Saturday, August 14, 2010


There are so many terms used to describe people with disabilities. Recently, some important person (I'm bad with names, so I forget who) said something to the effect of we will never truly be able to advance in the education of people with disabilities until we stop using the word special.

Special - not a word I like. It mostly stems from the government - special needs programs. There's the Special Olympics. Most of the times, special is used to describe people with developmental disabilities. That's fine - how do they feel about the term special? Perhaps it's ok with them.

Therapeutic recreation - just discovered this term! Then I discovered it's a common term. Problem - to me, therapy is not fun, so pairing it with recreation doesn't go well. Our Parks and Rec dept has a new therapeutic rec component. So I asked further. Oh - it's mainly for people with developmental disabilities. That's fantastic. So can you also start a handcycling club? But then, that's more like adaptive sports. And people with developmental disabilities want adaptive sports too.

Where things go - therapeutic rec info is on the page opposite the senior programs! It's not by the sports programs. That's interesting. Should there be a separate category - adaptive sports? No - because if I want to start my handcycling club, it's going to therapeutic rec. And I have to start it. That's too much right now since I'm barely cycling. I'll stick with the cycling groups I know.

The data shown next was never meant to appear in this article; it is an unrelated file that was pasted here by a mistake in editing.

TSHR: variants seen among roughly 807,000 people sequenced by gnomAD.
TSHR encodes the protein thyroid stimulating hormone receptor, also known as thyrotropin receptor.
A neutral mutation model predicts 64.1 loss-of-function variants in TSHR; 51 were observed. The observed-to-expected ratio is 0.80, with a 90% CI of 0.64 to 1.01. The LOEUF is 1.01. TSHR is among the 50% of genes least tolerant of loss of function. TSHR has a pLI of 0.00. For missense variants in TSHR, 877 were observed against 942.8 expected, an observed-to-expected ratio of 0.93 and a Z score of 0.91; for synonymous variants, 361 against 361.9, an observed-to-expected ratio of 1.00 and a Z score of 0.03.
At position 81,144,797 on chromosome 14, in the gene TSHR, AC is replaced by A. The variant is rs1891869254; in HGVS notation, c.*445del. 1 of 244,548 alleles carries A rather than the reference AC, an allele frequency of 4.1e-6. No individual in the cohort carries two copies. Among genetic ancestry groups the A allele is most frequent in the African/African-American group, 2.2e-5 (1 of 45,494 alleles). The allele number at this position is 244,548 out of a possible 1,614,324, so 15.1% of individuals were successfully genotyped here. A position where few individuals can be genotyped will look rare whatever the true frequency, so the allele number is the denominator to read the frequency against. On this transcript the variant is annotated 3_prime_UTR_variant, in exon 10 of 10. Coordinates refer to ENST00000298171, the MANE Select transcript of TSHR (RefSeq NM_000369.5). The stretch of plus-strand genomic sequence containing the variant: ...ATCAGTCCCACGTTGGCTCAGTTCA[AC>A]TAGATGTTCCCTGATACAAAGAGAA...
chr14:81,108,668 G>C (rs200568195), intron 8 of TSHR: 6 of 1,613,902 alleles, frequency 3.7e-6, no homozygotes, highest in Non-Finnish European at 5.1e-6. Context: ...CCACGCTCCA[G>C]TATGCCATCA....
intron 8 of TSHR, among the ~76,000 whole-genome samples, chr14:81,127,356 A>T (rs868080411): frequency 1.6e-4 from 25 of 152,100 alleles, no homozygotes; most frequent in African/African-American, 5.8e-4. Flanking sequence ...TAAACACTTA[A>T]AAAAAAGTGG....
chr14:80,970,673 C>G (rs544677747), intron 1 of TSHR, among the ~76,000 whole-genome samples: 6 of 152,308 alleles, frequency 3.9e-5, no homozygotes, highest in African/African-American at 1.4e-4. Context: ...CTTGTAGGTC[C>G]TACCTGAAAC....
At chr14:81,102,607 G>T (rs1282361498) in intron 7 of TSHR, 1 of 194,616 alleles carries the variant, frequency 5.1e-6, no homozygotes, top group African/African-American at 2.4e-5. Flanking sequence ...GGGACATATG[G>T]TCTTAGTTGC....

Handicapped - toss it out - how long will this take?

ADA - Americans with Disabilities Act - that's how we get to people with disabilities and I am starting to see children with disabilities instead of special needs kids. If you think about it, it must be an interesting transition to go from special needs kid to person with a disability. Is there a ceremony?

Then in the same bulletin as therapeutic rec, I saw "ADA/special populatiosn." The following paragraph talked about people with disabilities. It's like the bulletin was trying in include every possible tterm. At least they didn't use the word handicapped.

Of course, people like to be called different things. There's also challenged, differently-abled, disAbility (capital A), and on and on. And then there's what symbol should be used for disability - a whole other subject!

But finally, and most importantly, there's a new generation. Andy Imparato (nationally recognized advocate who helped draft health care reform legislation, and I think I finally have his name right!) talked about this generation. My generation got in the door for employment - some are happy to be in the door; some of us want to advance and are going further with education. The new generation takes it a step further. Andy says the new generation has high EXPECTATIONS - they ASSUME being able to get in the door - they ASSUME moving past that. And to do that - some of the terminology should change, so people are people, and we have more positive labels for disability.

Times are changing. It's "challenging" to try to get some changes through - to get people to see that as a person who uses a wheelchair, I may still have high goals. But we're getting there. The new generation will take it even further - they're starting at a different place than where I started, which was fear of assumptions on disability. It seems to me they're starting with confidence. And with that, the voice of people with disabilities only gets stronger.

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